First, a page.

Cyprus Mail

Prison parole system found lacking

By Jean Christou

MANY INMATES at the Nicosia central prisons are slow to apply for parole because they think it will take too long, deputies at the House human rights committee heard on Monday.

The committee called on the justice ministry and the parole board to make the necessary changes so the law could be amended to make the system more efficient.

The parole board began working in mid 2013. Prisoners can be released if the board approves their application once they have completed at least half of their sentence, and if that sentence is more than two years, or if they have served at least 12 years in the case of lifers.

Committee chairman Sophoclis Fyttis, speaking after the meeting, said the number of applications so far had been low – only 18 – and out of that only six had been examined by the parole board. These were all from lifers, four of whom were released on parole, and two who were rejected.

According to Fyttis the reason for the low number of applicants was that prisoners were aware that it was a slow process. “It does not give them the hope or confidence to apply,” he said. Those who had made applications though, had shown a change in behavior while their applications were pending, he said because it gave them hope.

The parole board, made up of retired judges, meets only once a week. DISY MP Rikkos Mappouridis said the three-man board was only each paid €50 a session and suggested it might not be worth their while.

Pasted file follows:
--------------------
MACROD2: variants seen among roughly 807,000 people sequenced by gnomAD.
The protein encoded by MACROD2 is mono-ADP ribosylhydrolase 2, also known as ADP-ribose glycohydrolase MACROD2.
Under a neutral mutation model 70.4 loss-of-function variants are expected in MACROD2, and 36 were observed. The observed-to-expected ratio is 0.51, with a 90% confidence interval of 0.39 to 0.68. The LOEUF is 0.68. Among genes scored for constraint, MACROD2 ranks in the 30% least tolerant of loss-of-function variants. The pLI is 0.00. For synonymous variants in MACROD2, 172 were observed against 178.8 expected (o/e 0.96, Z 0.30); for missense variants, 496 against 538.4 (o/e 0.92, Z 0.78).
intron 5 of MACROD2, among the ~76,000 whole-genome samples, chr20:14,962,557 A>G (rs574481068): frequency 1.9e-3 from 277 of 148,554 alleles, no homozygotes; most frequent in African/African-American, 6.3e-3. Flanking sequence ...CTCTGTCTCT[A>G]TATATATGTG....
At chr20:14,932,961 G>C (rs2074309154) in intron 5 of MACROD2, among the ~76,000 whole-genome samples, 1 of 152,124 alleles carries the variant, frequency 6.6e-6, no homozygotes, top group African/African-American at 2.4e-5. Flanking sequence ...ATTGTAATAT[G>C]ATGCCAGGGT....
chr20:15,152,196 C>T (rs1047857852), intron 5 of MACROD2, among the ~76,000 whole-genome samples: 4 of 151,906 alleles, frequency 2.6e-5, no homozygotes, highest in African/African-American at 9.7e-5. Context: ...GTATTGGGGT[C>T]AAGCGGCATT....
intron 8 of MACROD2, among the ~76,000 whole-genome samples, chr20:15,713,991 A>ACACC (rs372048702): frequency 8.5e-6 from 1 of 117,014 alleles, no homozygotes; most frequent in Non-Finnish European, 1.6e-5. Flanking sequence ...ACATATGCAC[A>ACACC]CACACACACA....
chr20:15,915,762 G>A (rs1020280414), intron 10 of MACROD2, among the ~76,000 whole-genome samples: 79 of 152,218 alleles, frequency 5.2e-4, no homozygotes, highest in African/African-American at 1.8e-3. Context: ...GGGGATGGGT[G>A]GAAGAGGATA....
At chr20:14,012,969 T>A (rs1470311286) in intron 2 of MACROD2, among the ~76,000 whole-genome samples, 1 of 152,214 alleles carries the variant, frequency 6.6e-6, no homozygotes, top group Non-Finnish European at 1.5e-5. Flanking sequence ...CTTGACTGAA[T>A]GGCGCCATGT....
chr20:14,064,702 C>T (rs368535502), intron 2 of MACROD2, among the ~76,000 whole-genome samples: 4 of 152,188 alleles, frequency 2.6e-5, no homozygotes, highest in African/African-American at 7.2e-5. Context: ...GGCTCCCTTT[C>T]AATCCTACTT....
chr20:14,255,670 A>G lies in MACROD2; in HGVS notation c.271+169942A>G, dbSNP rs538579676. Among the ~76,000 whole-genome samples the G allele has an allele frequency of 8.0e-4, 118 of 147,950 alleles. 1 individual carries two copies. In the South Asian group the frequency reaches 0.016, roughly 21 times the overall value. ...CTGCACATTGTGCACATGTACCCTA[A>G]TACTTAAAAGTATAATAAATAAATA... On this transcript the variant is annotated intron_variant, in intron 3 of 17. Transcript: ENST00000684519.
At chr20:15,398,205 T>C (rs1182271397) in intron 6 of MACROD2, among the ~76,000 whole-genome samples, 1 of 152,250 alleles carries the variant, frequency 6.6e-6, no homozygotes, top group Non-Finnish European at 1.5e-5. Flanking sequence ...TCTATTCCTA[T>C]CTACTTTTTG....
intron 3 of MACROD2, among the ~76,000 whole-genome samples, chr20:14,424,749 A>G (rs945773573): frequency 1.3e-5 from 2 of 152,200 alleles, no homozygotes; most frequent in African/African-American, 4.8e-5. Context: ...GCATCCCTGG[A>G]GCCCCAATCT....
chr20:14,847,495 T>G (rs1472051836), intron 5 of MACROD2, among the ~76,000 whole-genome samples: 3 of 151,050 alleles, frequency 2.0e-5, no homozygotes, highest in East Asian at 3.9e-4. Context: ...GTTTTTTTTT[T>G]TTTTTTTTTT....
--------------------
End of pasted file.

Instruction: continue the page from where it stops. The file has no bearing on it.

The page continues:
“The ball is in the court of the justice ministry to come up with the appropriate institutional changes for the board to work on a permanent basis,” he said. Otherwise it cannot fulfill any meaningful expectations of the prisoners who have served half their sentence or 12 years in the case of those with a life sentence.

The system was also lacking when it came to follow up for those who had been given parole. Fyttis said that if the numbers increase, there will be a need for more supervisors, or parole officers, on the outside. A central meeting point for parolees, such as a half-way house was also a necessity, he said.

AKEL MP Stella Misiaouli said there was currently no coordination or education for those who were released on parole, especially between the ministry and the parole board.

“There is no excuse not to have filed operating regulations for the parole board yet,” she said.

EDEK deputy Roula Mavronicola agreed. “We were told by prisoners during a visit by the committee, that this was an issue of utmost importance to them because it gives them hope to get through prison life and return to society sooner,” she said.

Fyttis said the issue would be revisited by the committee after a planned meeting with the justice ministry. Prison numbers have fallen from almost 700 to just over 500 as part of recent changes within the facility to reduce overcrowding.

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